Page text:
The Vulnerability of Corneal Endothelial Cells to External Forces and Moments
Collaborators: Yousuf Khalifa, M.D., Naveen Mysore, M.D., Ph.D
More than 65,000 vision-restoring corneal transplantations take place every year for individuals with corneal disease, injury (e.g., from cataract surgery) and scarring. The most common reason for transplanted corneal grafts to fail is loss of corneal endothelial cells (CECs), the cells that line the inside of the cornea and pump fluid from it to maintain corneal transparency. Many of these cells are killed during transplantation surgery due to physical manipulation of corneal grafts and contact of the donor endothelium with surrounding tissues, surgical tools, tissue injectors, suture material and/or irrigating fluid. Thus, understanding how susceptible CECs are to mechanically-mediated cell death is of great clinical interest.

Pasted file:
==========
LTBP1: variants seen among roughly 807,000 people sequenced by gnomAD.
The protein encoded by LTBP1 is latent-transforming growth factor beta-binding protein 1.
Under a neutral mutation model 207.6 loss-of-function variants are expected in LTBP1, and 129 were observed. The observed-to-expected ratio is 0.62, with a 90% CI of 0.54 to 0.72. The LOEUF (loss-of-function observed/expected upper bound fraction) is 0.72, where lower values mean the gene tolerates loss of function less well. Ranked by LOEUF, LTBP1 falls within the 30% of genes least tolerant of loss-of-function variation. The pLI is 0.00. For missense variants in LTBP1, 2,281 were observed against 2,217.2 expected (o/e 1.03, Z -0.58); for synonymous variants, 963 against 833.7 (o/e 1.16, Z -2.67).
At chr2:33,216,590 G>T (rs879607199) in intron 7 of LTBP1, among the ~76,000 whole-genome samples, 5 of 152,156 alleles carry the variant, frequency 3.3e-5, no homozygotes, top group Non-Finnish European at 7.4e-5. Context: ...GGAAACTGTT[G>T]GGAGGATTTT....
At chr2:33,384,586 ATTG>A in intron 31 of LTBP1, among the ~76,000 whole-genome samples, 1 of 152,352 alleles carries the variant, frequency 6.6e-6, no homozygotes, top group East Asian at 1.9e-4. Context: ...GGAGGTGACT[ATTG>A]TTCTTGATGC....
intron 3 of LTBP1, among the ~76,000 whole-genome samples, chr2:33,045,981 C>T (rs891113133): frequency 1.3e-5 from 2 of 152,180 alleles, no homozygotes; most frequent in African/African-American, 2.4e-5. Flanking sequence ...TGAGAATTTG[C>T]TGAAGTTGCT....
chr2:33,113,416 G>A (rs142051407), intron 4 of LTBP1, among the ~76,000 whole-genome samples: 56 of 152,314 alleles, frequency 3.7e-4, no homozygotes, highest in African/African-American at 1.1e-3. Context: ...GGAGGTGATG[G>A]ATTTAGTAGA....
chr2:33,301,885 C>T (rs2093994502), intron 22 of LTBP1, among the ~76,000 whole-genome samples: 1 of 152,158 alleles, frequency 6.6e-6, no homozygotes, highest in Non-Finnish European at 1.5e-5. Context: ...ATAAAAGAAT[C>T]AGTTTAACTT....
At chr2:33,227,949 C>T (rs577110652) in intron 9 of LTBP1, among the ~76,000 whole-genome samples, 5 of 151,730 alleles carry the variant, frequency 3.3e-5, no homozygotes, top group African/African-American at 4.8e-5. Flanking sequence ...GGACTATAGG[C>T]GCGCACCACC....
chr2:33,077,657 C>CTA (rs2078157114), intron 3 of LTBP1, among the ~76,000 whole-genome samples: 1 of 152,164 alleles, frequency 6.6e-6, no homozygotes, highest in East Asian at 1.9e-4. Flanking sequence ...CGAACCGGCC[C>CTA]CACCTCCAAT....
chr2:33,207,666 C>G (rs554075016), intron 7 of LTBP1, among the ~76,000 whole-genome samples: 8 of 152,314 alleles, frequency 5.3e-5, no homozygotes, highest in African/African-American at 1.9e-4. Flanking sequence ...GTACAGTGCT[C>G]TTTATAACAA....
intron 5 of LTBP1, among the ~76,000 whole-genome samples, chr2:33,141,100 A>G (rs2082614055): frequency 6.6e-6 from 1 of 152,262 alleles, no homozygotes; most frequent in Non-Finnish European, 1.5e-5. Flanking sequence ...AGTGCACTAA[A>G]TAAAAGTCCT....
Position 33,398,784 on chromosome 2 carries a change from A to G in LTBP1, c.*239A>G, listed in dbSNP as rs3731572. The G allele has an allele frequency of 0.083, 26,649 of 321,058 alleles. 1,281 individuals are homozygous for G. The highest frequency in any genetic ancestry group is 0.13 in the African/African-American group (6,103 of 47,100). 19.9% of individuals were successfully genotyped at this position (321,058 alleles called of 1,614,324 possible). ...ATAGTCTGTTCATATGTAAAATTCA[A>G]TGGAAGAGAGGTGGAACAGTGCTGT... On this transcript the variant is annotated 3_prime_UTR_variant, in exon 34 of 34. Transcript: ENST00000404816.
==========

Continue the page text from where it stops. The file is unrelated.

Unfortunately, the vulnerability of CECs to controlled, measurable mechanical forces and moments imparted using materials testing equipment – in contrast with surgically-imparted forces that are difficult to control and quantify – has not been assessed. Thus, we are working to characterize the types (e.g., shear, indentation, etc.) and magnitudes of mechanical forces necessary to kill CECs. The findings of this study could inform the development of new tools and/or surgical strategies designed to prevent application of CEC-damaging external forces.
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